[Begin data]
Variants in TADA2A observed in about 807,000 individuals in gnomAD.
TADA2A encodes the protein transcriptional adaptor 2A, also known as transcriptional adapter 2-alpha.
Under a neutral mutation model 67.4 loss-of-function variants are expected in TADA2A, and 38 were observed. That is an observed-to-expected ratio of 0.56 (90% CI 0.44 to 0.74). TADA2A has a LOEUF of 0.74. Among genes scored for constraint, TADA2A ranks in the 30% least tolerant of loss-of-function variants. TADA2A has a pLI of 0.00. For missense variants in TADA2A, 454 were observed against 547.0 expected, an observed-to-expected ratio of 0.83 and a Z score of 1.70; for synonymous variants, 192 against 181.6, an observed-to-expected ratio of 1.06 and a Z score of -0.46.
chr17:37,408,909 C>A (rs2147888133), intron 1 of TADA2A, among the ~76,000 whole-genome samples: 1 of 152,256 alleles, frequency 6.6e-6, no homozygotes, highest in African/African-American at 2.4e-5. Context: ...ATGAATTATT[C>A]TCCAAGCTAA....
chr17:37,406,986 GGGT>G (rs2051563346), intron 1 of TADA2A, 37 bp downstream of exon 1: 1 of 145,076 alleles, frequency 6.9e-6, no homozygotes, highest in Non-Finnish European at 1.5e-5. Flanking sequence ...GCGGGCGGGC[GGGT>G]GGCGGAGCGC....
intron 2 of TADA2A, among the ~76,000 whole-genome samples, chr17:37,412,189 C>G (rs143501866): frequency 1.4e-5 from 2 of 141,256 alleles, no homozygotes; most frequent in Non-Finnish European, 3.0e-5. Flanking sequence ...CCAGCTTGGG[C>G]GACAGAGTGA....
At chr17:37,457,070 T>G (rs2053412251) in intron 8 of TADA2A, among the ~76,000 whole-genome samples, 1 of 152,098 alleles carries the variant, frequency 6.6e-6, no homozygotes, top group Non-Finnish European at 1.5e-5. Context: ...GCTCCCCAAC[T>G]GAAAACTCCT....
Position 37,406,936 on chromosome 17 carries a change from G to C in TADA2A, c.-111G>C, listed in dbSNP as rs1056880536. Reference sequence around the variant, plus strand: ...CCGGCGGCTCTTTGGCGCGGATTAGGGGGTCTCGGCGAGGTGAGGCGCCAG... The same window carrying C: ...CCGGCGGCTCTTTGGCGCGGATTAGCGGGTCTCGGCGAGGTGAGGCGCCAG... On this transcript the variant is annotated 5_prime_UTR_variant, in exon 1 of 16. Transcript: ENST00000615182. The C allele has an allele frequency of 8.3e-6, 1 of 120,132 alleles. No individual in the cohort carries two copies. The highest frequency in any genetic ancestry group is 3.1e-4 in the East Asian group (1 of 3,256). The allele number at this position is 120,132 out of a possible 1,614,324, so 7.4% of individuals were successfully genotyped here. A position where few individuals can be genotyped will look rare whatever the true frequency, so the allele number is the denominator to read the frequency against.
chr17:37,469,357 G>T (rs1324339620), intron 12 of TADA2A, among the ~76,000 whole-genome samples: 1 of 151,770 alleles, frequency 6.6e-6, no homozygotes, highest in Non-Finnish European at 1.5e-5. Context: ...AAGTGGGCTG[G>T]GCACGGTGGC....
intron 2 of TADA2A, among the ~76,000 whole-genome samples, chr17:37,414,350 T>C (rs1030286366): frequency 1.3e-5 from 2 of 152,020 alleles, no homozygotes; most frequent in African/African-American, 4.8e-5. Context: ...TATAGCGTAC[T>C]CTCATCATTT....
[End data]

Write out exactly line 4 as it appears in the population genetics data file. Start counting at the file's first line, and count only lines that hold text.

chr17:37,408,909 C>A (rs2147888133), intron 1 of TADA2A, among the ~76,000 whole-genome samples: 1 of 152,256 alleles, frequency 6.6e-6, no homozygotes, highest in African/African-American at 2.4e-5. Context: ...ATGAATTATT[C>A]TCCAAGCTAA....